Dir. Deniz Gamze Ergüven
Mustang came out in 2015 and reached audiences worldwide. It won several awards (2015 Cannes Film Festival: Europa Cinemas Label Award; 2015 Lux Prize; Best Feature Movie at Polish Filmmakers’ Association Award) and nominated for so many more. The film follows five orphaned sisters living in one of Turkey’s Black Sea (and conservative) villages. The sisters live with their father’s mother, a woman with good intentions who abides to small town pressures, and their uncle, who takes pride in being the man of the house – in all the worst ways.
The story is mostly shown from the perspective of the youngest, Lale. Through her eyes we watch her uncle enter the sisters’ shared rooms in the middle of the night as her grandmother tries to marry off each sister starting with the eldest. We watch all the sisters, especially Lale, deal with each challenge thrown at them. As we get to know each sister, Lale transforms from the youngest sister to the bravest and most determined character in the film. She goes from stuffing her shirt with apples (pretending she grew breasts overnight) to stealing the keys to her uncle’s Land Rover to try to teach herself how to drive.
In preparation for marriage, the sisters go through what Lale dubs a “wife factory.” Nameless teyzes (aunties) teach the girls how to perform an array of household chores from stuffing a comforter, sewing and cooking, and the girls reluctantly sit around the table mimicking their governesses. We watch a portly woman teach the sisters how to lay out vine leaves for stuffing – yaprak sarma. The woman tells the girls it is important not to fill a leaf with too much stuffing because it will turn out too stiff – something that guests don’t like. In another scene, we watch the girls roll out dough into a thin layer, cut it in squares and drop dollops of ground meat into it – mantı. In the same scene, we see Lale examining a green pepper that will later be used for dolma.
For all the beautiful shots and camera pans of food, rarely do we actually see the girls consuming the stuff. While they are around it, they aren’t eating it. So, the few instances when we do see them chewing are fairly important. In one scene, the TV blares a prime time soap opera in the background while the women in household, including the sisters, grandmother, and several unnamed women, sit around the table eating. The sisters, bored, push around the food on their plates and occasionally bring forks to their mouths. Meanwhile, with their eyes glued to the screen, the other women mindlessly put food in their mouth. Without looking at what they are eating, it’s clear that the contents of their plates are of no consequence – they could be eating soil with tomato paste and probably wouldn’t realize. We see a similar behaviour when Ece, the middle sister, finds out she is to be married off. In a meeting arranged by her grandmother, Ece is introduced to her potential suitor. As with her two older sisters, Ece serves the family tea, coffee, and a variety of cookies from a blue tin box that the suitor’s family brought. After serving everyone, she takes a seat next to her grandmother, and puts one biscuit into her mouth, followed by another.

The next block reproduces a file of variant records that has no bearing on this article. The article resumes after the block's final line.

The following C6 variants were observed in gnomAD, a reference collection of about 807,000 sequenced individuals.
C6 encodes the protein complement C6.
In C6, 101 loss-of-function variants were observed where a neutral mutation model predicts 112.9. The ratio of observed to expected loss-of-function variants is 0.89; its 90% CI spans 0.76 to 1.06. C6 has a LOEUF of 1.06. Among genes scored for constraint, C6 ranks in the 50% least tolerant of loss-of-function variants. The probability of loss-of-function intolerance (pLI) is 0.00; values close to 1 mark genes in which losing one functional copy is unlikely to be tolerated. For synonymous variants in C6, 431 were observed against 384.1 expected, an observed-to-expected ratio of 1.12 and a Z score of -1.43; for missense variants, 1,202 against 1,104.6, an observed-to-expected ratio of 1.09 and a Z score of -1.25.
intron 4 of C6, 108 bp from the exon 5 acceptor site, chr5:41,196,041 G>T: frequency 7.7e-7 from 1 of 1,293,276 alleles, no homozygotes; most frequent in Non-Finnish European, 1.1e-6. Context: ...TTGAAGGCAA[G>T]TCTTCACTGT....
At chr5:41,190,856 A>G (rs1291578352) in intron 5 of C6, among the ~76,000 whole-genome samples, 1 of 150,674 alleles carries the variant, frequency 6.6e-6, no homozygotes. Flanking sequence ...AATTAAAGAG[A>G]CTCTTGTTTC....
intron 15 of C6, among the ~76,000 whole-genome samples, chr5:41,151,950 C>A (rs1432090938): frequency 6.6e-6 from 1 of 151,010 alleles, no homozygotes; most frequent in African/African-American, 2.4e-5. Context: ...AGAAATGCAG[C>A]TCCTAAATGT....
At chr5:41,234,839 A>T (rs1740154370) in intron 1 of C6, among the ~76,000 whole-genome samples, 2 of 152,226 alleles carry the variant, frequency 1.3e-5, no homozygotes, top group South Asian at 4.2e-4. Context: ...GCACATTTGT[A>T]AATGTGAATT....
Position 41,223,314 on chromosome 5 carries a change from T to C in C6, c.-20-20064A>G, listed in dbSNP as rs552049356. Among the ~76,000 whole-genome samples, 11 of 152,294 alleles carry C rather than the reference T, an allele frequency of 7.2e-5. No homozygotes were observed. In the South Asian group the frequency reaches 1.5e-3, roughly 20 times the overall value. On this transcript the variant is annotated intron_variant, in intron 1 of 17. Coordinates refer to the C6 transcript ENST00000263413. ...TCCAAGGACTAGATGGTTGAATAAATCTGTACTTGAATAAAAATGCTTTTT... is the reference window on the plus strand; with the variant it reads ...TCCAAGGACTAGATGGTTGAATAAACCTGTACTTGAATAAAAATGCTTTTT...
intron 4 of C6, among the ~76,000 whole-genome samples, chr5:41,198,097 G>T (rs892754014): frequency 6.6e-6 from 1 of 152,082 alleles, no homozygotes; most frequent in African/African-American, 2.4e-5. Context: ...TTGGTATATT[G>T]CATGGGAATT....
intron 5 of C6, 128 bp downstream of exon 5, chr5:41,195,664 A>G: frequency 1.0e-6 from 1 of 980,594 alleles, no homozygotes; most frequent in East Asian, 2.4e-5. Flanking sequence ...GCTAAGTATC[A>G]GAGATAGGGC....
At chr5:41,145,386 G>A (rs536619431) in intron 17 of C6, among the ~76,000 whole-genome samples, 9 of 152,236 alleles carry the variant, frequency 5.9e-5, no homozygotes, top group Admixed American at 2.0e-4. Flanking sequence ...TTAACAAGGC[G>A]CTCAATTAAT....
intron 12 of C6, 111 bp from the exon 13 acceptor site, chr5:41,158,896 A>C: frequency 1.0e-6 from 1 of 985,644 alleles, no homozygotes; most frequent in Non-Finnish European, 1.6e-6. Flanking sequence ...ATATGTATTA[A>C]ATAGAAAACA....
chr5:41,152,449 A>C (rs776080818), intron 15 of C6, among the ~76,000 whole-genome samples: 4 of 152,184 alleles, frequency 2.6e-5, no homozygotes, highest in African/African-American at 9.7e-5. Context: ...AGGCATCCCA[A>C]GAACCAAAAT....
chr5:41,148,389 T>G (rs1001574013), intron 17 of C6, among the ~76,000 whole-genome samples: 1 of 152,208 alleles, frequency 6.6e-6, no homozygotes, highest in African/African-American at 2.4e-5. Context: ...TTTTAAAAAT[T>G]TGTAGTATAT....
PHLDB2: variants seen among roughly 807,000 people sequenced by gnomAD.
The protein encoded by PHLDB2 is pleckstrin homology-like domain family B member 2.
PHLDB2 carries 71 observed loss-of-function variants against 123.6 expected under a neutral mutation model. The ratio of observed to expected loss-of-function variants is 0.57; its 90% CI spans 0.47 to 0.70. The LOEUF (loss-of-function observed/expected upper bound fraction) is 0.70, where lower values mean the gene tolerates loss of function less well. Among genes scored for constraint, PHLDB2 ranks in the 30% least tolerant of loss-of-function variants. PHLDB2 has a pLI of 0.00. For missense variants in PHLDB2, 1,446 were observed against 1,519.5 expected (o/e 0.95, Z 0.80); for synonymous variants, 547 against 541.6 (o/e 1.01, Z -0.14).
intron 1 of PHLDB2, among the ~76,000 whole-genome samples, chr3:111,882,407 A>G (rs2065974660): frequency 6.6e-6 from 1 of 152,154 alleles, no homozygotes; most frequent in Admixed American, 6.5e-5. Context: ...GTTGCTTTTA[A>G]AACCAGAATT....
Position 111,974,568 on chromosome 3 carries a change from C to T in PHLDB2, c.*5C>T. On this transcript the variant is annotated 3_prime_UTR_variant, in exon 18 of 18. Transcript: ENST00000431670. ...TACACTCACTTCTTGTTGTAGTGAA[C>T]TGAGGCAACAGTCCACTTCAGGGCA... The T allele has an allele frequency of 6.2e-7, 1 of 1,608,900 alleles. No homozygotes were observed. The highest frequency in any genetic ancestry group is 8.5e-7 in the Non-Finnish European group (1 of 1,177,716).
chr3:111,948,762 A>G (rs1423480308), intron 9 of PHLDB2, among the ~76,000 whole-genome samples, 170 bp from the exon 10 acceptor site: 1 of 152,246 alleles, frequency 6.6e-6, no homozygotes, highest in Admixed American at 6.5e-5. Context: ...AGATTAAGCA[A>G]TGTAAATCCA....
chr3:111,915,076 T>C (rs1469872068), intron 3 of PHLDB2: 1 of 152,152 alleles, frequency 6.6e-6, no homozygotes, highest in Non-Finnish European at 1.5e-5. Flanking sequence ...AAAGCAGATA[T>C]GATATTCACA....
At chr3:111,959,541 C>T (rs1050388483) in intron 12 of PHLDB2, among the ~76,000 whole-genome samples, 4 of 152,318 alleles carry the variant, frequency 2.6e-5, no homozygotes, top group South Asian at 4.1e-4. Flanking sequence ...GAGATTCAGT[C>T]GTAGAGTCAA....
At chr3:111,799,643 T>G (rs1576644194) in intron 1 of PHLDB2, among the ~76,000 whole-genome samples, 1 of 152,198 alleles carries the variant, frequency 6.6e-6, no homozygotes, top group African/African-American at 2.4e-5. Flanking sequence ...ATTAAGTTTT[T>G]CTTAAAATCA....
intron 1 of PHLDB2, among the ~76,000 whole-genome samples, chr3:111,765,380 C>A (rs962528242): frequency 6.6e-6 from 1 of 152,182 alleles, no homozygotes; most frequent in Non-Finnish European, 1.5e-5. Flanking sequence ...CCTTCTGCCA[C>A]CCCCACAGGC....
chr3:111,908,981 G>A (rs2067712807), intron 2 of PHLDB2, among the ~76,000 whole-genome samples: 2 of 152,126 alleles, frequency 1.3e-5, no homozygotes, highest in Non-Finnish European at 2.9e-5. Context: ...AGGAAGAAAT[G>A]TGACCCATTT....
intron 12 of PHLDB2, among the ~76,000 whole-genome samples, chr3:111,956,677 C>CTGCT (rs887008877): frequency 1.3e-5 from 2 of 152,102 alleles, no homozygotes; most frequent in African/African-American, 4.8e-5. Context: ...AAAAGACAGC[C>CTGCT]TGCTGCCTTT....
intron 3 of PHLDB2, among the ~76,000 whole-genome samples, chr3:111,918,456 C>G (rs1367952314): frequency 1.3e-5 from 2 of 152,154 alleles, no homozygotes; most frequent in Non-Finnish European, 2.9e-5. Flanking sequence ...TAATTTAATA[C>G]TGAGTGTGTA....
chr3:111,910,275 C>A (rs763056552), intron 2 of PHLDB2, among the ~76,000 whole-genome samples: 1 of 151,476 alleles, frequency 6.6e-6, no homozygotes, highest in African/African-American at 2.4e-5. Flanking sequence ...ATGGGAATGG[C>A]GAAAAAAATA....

Throughout the film, food and its preparation become reminders of the girls’ (intended) duties: domestic service. More specifically, service to their future husbands and his family. But the consumption of these edibles acts as a symbol of conformity, or perhaps a sign of surrender.
That said, there seems to be another layer to cooking that lies beneath its domestic symbolism. In another scene, the same women who taught the girls how to prepare mantı finds Lale lying on the ground in the house, after she was asked to leave a soup-teaching session. The next shot, the two of them are in the kitchen and the portly woman is showing, to Lale’s surprise, how to make chewing gum with milk and mastic. Lale returns to her sisters with the gum. Their excitement leads to a spree of dress tearing and skirt ripping.
With the homemade chewing gum – something in which the girls are not allowed to indulge – food and its consumption also acts as a subversive tool. The beautiful shots of all the food make the viewer aware of traditional domesticity that is tied to these dishes. And, yet the chewing gum shows us how we can turn a stubborn tradition on its head.